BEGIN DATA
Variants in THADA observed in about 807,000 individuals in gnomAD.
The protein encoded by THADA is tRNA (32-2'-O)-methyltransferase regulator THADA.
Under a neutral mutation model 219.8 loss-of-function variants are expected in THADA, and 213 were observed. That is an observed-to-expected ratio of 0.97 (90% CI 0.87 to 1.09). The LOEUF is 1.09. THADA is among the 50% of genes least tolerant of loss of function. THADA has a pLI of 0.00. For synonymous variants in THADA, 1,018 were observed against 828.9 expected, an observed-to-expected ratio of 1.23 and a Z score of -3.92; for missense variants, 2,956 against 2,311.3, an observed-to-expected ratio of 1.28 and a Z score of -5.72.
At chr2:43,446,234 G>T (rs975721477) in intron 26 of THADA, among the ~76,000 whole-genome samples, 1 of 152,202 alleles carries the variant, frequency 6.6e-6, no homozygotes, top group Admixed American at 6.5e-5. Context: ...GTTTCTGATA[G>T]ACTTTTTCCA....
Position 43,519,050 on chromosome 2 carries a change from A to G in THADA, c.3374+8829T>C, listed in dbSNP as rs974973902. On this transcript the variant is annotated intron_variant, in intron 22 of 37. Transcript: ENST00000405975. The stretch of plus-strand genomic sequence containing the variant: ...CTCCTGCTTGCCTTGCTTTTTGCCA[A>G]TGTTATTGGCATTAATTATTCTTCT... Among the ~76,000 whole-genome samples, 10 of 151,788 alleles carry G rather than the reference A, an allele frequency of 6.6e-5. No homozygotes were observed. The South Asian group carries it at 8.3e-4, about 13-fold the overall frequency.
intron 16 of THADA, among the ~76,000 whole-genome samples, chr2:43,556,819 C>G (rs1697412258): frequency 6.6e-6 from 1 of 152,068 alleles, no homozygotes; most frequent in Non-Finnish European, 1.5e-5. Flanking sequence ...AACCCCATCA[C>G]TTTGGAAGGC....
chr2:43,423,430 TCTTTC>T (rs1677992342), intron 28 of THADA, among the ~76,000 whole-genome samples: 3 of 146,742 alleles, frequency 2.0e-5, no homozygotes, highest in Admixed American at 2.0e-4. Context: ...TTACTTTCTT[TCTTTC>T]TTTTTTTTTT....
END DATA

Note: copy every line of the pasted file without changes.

Variants in THADA observed in about 807,000 individuals in gnomAD.
The protein encoded by THADA is tRNA (32-2'-O)-methyltransferase regulator THADA.
Under a neutral mutation model 219.8 loss-of-function variants are expected in THADA, and 213 were observed. That is an observed-to-expected ratio of 0.97 (90% CI 0.87 to 1.09). The LOEUF is 1.09. THADA is among the 50% of genes least tolerant of loss of function. THADA has a pLI of 0.00. For synonymous variants in THADA, 1,018 were observed against 828.9 expected, an observed-to-expected ratio of 1.23 and a Z score of -3.92; for missense variants, 2,956 against 2,311.3, an observed-to-expected ratio of 1.28 and a Z score of -5.72.
At chr2:43,446,234 G>T (rs975721477) in intron 26 of THADA, among the ~76,000 whole-genome samples, 1 of 152,202 alleles carries the variant, frequency 6.6e-6, no homozygotes, top group Admixed American at 6.5e-5. Context: ...GTTTCTGATA[G>T]ACTTTTTCCA....
Position 43,519,050 on chromosome 2 carries a change from A to G in THADA, c.3374+8829T>C, listed in dbSNP as rs974973902. On this transcript the variant is annotated intron_variant, in intron 22 of 37. Transcript: ENST00000405975. The stretch of plus-strand genomic sequence containing the variant: ...CTCCTGCTTGCCTTGCTTTTTGCCA[A>G]TGTTATTGGCATTAATTATTCTTCT... Among the ~76,000 whole-genome samples, 10 of 151,788 alleles carry G rather than the reference A, an allele frequency of 6.6e-5. No homozygotes were observed. The South Asian group carries it at 8.3e-4, about 13-fold the overall frequency.
intron 16 of THADA, among the ~76,000 whole-genome samples, chr2:43,556,819 C>G (rs1697412258): frequency 6.6e-6 from 1 of 152,068 alleles, no homozygotes; most frequent in Non-Finnish European, 1.5e-5. Flanking sequence ...AACCCCATCA[C>G]TTTGGAAGGC....
chr2:43,423,430 TCTTTC>T (rs1677992342), intron 28 of THADA, among the ~76,000 whole-genome samples: 3 of 146,742 alleles, frequency 2.0e-5, no homozygotes, highest in Admixed American at 2.0e-4. Context: ...TTACTTTCTT[TCTTTC>T]TTTTTTTTTT....